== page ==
The researchers found that participants who consumed larger quantities of artificial sweeteners, particularly aspartame and acesulfame-K, had higher risk of overall cancer compared to non-consumers (hazard ratio 1.13). Higher risks were observed for breast cancer and obesity-related cancers.
In addition to being an observational study, there were a number of limitations; dietary intakes are self-reported. Selection bias may also have been a factor, as participants were more likely to be women, to have higher educational levels, and be more health-conscious. Additional research will be required to confirm the findings and clarify the underlying mechanisms.
According to the authors, “Our findings do not support the use of artificial sweeteners as safe alternatives for sugar in foods or beverages and provide important and novel information to address the controversies about their potential adverse health effects. While these results need to be replicated in other large-scale cohorts and underlying mechanisms clarified by experimental studies, they provide important and novel insights for the ongoing re-evaluation of food additive sweeteners by the European Food Safety Authority and other health agencies globally”.
First author Charlotte Debras added: “Results from the NutriNet-Santé cohort (n = 102 865) suggest that artificial sweeteners found in many food and beverage brands worldwide may be associated with increased cancer risk, in line with several experimental in vivo / in vitro studies. These findings provide novel information for the re-evaluation of these food additives by health agencies.”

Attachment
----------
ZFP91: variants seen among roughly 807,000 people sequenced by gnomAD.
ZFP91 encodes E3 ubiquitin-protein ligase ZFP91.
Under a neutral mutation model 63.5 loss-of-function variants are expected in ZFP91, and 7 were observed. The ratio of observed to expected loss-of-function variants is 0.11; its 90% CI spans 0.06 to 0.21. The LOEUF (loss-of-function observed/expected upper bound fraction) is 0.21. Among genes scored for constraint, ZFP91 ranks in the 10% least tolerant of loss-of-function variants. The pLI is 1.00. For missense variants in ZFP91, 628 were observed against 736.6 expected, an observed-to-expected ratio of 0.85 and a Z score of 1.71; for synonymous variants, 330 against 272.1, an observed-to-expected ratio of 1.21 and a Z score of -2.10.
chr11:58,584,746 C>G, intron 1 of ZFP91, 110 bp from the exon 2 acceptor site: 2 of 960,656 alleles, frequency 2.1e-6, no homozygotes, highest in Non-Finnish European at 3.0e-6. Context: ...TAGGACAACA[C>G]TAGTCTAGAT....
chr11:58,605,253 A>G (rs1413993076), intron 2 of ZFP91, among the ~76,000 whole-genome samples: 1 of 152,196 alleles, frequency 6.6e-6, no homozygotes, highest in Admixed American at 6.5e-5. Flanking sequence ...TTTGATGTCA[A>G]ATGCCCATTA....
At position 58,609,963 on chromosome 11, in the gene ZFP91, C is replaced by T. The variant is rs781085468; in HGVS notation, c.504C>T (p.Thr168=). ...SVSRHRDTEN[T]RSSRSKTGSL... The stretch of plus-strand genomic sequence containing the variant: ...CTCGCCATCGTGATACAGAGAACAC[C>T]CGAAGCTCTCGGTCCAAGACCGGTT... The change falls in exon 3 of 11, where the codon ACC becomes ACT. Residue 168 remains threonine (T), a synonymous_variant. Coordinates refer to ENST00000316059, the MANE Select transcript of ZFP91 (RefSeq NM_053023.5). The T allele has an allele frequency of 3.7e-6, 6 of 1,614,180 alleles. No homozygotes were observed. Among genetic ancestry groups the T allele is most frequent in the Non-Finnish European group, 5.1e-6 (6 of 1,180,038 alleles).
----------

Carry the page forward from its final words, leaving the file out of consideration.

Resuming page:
A large scale weight loss programme conducted with Australia’s national science agency, CSIRO, has demonstrated that personal accountability coupled with financial rewards continue to be a key motivator for successful weight loss.
The report [PDF] analysed data from over 48 000 CSIRO Total Wellbeing Diet members, more than triple the sample size from the original study in 2018. The authors found that those who successfully claimed the financial incentive offered by the programme, managed a 28% greater weight loss than those members who did not claim it.
Financial reward claimants lost an average of 6.2kg (or 6.7% of their starting body weight), versus the 4.8kg (or 5.2% of starting body weight) lost by those who did not claim the financial reward.
CSIRO Research Scientist and report author Dr Gilly Hendrie said the research was telling evidence of how taking personal accountability by engaging in self-monitoring behaviours promoted healthy weight loss.
“It is encouraging to see the results of our study support other psychology and behavioural change research that self-accountability and financial incentives can have a meaningful impact on people’s weight loss success,” Dr Hendrie said.
“Breaking unhealthy habits that have developed over a long time can be hard and it is easy to lose motivation if you are not seeing immediate results on the scales.